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CSS Tricks: Responsive dA?If you are at least slightly into web design and/or using mobile devices to browse, you should have come across the term "Responsive Webdesign". Basically it means that a website is set up in a way so it gives the best browsing experience no matter on what device you are viewing it.One term that is often mentioned along with it are "Fluid Designs". This usually refers to web sites that use % instead of px values to define sizes inside the layout.This necessary trend in web design made me think about the deviantART.com layout. Because it is a design that has been working responsive for several years! You can test this by going to any place on dA and changing your browser window. You will notice how the ratio of all elements in width remains the same no matter how wide the browser window.Now that we know that dA is responsive, we will soon find out that there is a responsive element inside dA, which reacts in first instance to the page on dA you are and in second instance to the brows
CSS/HTML Tricks: Article LayoutHello!Another tutorial for news articles and journals on dA!This one is meant to help you add structure to your news articles (and personal journals) and thus enhance the reading experience for your audience.I have already written a tutorial on the topic of HTML Literature, but only showcased what is possible there. It is almost the same as :faq104:This tutorial will try to explain why you should use additional HTML in your articles and how it helps improve their quality.Also it turned out to be quite long, so skip to your liking.For further reading please refer to CSS Tricks: Limiting .text width, which explains the necessity of limiting your text width.Why is structure important?Nobody likes reading a wall of text. If you look at an article and all you see is a grey blur,
Project Educate: User Friendly Journal SkinningThis article is written for fellow CSS coders who already have basic+ knowledge of deviantART journal codes. This is not a beginner's tutorial.User Friendly Journal Skin CodingI've been making journal skins on DeviantART since 2010, I'd dabbled in CSS before, but never for other people. I know what my codes are and how to use them to their full potential and often, just code on the fly when I want something to do something. But making free and commission skins here showed me that I needed to make them as easy to use as they are pretty. And really, who wants to type in a lot of extra HTML when they go to write a journal? It is easy enough to access the artist's comments.But even then, copy & paste, memorize that.... It can be a lot to deal with if you do not know CSS and HTML. Which is the reason most people get someone else's skin design in the firs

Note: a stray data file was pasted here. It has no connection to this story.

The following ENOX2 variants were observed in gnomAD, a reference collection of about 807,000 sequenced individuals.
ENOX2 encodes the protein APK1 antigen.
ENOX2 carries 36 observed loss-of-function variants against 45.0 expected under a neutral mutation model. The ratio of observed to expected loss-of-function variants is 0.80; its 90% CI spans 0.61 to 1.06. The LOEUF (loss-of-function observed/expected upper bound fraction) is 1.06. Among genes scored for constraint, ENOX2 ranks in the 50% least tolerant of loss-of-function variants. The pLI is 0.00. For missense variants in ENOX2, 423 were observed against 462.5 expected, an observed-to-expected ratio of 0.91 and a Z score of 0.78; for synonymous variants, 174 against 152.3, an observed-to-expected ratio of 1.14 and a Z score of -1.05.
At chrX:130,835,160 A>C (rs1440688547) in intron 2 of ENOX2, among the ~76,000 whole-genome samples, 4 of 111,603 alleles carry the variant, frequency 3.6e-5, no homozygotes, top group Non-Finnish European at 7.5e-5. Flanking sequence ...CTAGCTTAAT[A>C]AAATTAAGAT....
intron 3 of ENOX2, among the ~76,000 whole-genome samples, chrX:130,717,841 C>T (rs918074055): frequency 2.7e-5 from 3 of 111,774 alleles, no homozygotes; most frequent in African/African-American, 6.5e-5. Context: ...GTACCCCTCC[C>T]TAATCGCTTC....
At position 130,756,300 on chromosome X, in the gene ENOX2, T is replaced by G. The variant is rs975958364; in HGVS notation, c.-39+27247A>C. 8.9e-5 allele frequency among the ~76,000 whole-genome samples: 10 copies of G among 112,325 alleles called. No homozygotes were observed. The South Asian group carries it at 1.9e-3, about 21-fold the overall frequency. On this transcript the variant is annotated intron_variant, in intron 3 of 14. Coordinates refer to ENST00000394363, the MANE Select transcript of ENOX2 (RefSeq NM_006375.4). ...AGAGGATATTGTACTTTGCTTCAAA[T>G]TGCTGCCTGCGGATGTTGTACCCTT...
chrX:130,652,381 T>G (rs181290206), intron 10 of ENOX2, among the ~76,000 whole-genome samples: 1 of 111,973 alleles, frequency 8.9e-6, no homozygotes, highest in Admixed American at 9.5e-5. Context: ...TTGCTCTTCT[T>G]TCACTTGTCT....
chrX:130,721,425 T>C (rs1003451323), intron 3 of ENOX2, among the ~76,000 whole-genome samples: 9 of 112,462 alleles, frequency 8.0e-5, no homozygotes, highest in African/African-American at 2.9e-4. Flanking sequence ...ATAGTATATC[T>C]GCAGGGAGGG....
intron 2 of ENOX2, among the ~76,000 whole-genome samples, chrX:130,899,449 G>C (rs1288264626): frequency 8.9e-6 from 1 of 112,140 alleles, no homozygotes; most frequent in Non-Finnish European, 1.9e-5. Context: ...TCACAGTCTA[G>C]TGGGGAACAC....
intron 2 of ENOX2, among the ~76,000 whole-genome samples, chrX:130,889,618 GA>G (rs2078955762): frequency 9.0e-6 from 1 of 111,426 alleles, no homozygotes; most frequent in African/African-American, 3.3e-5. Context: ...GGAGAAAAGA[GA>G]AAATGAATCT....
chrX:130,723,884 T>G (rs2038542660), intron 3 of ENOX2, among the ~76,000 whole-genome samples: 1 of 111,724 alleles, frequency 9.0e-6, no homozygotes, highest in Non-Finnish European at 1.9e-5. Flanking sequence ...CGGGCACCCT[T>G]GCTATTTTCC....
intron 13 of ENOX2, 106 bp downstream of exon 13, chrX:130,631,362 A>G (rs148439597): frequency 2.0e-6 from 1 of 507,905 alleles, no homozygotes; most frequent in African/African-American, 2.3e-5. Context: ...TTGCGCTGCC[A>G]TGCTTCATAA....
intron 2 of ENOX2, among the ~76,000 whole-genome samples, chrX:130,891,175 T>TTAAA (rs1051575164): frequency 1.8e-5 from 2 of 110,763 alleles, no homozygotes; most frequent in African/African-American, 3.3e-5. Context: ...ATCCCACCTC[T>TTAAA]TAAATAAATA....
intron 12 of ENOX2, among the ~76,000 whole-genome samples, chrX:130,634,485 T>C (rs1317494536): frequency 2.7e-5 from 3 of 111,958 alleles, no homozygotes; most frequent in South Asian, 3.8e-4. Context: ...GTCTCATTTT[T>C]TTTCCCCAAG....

PE: CSS3 101 - Transition AnimationsTable of ContentsThis article has four main topics:Transition-property |Transition-duration |Transition-timing-function |Transition-delay |Legend: - Works in dA for All Members - Doesn't work in dA for Premium Members- Works in dA for Alpha Testers at devBUGWhat is a Transition?This time, I'll explain with an example. Let's take this awesome emote by jahw.When I see that emote, I'm imagining it saying "CHAAAARGE!" and running forward! So I want to make the emote do that, but instead of opening it up in Photoshop to animate (which I'm not allowed to do anyway since it's not my work), I'm just going to add a simple code that will do the animation for me! Hover over the emote below to see this magic in action!:thumb2
Let's code! Background PropertiesIntroductionCustom shapes and images are an integral part of any journal skin. They can include buttons, icons, header backgrounds, dividers, textures - sometimes the whole design is one big, sliced image artwork with a text area so one can rightly call it a journal skin. Other times the custom image usage is low or non-existent, and you wouldn't believe how coders make their skins rock anyway (or because). In this Let's code! I'm going to address the different background properties and their values.Index1. The Background Property: Structure 1.1 background-color 1.2 background-image 1.3 background-repeat 1.4 background-position + a nifty tip 1.5 background-attachment 1.6 Shorthand Form1. The Background Property: Structure
CSS Tricks: Journal break-downThis has been done before by many others I don't want to step on anyone's toes, I just wanted to give this a go myself If you still write CSS NOT using gruze … stop that! Start using gruze. Just do it!There are a few "hacks" that you will need to make it work totally under your control, but there's always help with those Well, here comes help with those hacks (I gotta give ginkgografix credit for some of it, go hug her! That's an order )At the end of this CSS Trick I will provide you with a template, that I use myself, as a base for creating new skins. It will only contain the basic classes of the journal deviation, from which it is made up of, the basic HTML, without any content.Beforehand explanationNow, I know you will say: but that is not the default skin! That is not how journals without CSS look like! And you are right. But. There is always a but. But the default journal skin for coders is not the same as an unsk